I used to write music journalism, specializing in industrial, metal, gothic, experimental, and all the fringe genres, as well as have played guitar, so I have a feel for music and working some of those elements into the text, not only as noted above, but in earlier chapters, in conversations between two of our main characters, Derek Gray and Alethea, I feel I have a grasp of how to convey the diverse properties of sound and music, so I felt pretty good about how they turned out
HN: Do you have a favorite line or passage from The Wilderness Within that you feel either captures its tone or will pique readers’ curiosity to the point where they can’t help clicking here to pre-order it?
JCS: This one’s too hard for me to answer. I want to say, read the whole thing. I want to say, leap into the second section and hold on for dear life. I want to say, wait until you get to the finale! But I will step away and note the first review for the novel, courtesy of Char’s Horror Corner, pointed out something she found appealing, so I’ll put it here. She wrote: “My favorite parts happened in the forest—the first time Derek and Frank take a walk in the woods together is truly creepy. “I sensed in my mind, something picking through my thoughts, as if my skull had been opened up and something was looking for whatever special thoughts, memories and imagination that it fed on, and was diligently feeding: beetles picking the carcass clean.””
HN: Where do you see your influences – not just for this book, but in general? Who are some of your literary forebears? Beyond that, however, who (or what) are your influences/preoccupations/etc. from the larger world?
JCS: My major influence writer-wise is J.G. Ballard, which I know might surprise people, because I don’t write in any way that would seem to relate to his writing, but that’s because that’s not why I say he’s the major influence. It’s a matter of perspective, and how one looks at the world. If you were to get ten writers in a room and point out a story idea, 8 would approach it from a similar angle. One might veer a little bit more from that. Ballard would spin the story idea on its head, approaching it in such a way I am always astonished by where it ends up. I used to try to do this, and now it’s a natural part of my writing toolbox. Give me an idea, I might start in a familiar place (but usually don’t), but I’m inevitably bound to deviate down unexpected avenues. The Wilderness Within does this perhaps three times. If you think you know where it’s going, let me pull the chair out from beneath you. Other writers who have had a huge impact on me would include Clive Barker (a more obvious influence, for sure), Kathe Koja, with her early horror novels, Charlee Jacob, and Joe R. Lansdale. I could go on.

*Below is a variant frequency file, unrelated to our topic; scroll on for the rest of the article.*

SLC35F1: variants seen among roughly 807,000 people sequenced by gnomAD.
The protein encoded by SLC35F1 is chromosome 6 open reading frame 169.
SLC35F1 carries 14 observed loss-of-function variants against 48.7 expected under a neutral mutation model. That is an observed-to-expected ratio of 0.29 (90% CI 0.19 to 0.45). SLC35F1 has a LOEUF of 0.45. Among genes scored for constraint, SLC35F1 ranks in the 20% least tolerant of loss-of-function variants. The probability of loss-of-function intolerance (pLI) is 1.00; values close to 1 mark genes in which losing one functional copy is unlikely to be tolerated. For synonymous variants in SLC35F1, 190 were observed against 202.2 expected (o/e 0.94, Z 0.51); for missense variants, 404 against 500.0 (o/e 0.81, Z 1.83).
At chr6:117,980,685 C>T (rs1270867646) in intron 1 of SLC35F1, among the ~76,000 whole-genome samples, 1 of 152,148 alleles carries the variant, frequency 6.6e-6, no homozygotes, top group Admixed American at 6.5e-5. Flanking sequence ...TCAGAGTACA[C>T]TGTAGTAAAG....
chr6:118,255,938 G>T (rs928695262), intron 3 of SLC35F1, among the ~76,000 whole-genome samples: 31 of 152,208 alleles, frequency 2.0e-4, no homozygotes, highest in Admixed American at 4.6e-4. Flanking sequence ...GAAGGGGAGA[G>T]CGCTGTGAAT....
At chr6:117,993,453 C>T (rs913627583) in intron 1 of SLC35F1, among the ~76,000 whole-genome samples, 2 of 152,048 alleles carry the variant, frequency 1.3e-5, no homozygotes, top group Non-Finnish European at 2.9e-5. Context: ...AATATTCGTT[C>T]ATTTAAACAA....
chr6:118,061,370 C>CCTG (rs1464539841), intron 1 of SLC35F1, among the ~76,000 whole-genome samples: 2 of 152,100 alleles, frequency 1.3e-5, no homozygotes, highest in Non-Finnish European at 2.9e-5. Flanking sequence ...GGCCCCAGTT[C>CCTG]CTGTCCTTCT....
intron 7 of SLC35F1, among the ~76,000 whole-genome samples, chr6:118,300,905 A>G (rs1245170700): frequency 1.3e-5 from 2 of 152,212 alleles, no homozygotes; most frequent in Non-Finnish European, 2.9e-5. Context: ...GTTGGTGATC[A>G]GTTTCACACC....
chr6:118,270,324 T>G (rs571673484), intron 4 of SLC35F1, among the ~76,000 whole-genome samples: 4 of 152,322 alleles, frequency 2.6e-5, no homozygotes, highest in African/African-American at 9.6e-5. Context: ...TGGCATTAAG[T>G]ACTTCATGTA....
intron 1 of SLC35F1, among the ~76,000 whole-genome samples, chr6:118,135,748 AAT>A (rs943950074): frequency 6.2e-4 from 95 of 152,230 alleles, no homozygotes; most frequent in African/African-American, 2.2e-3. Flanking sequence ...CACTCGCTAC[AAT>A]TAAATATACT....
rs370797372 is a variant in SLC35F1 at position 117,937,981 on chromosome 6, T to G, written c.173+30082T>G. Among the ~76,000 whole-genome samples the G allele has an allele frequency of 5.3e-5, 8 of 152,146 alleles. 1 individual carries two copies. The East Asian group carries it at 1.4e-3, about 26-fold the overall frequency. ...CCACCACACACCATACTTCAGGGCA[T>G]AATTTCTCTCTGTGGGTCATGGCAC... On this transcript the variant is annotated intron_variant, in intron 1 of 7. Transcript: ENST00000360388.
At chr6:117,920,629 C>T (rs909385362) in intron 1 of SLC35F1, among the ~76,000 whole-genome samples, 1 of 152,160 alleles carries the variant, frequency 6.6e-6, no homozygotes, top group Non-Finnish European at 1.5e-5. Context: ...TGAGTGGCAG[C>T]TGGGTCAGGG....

In the larger world (besides being ever-observant of the world around me), music is big for me and often enters into my stories. Art as well. But in each case, it’s from an outsider perspective, but with a nose toward keeping it all within a place where the average person can connect with whatever I’m trying to do with words, if that makes sense. The outsider mindset can be on full display during the experimental beginning of the second section and every phase of that section as it plays out. But I hope the reader will be willing to strap in and go for the ride, trusting me to get them through it all in one piece. Maybe changed, not the same as before they started the ride, but still in one piece.
HN: Finally, what’s coming up on your horizon? Not just what’s coming out next, but also what ideas are you playing with that maybe haven’t been worked out yet – give us something concrete and something abstract to anticipate.
JCS: I have a few tales slated for upcoming appearances in anthologies, and have worked up a new collection, so we’ll see where that leads. The current WIP is the tale mentioned above, tentatively called, The Great God Pollock, though I expect that will probably end up being a chapter or section title. It deals with language/communication, art, three characters, two of which would be considered as “other,” and much more. I have another novel, Rusted Chainsaw Symphonies (“A gender-bending tale of sex, drugs, rock ‘n’ roll…and CICADAS!”), that’s about 90% completed. I’d like both of these long pieces to be finished by the end of the year, so I have a lot of work to do. Short stories will happen while writing these two tales as a break, or just because they insist on barging in to disrupt the flow…
John Claude Smith has had two collections (The Dark is Light Enough for Me & Autumn in the Abyss), three limited edition chapbooks (Dandelions, Vox Terrae, The Anti-Everything), and one regular chapbook (The Wrath of Concrete and Steel) published. His debut novel, Riding the Centipede, was a finalist for a Bram Stoker Award for Superior Achievement in a First Novel. The Wilderness Within is his second novel. “The forest is alive…”
Expect the unexpected.
He splits his time between the East Bay of northern California, across from San Francisco, and Rome, Italy, where his heart resides always.
The Wilderness Within JournalStone link: http://journalstone.com/bookstore/the-wilderness-within/
The Wilderness Within Amazon link: https://smile.amazon.com/Wilderness-Within-John-Claude-Smith/dp/1945373938/ref=tmm_pap_swatch_0?_encoding=UTF8&qid=&sr=
Goodreads Author page: https://www.goodreads.com/author/show/2929888.John_Claude_Smith
Also, since I mention Char’s Horror Corner in the interview, you might want to hyperlink the website. Either way, here’s the link if you want to add it above or here. http://charlene.booklikes.com/post/1602677/the-wilderness-within-by-john-claude-smith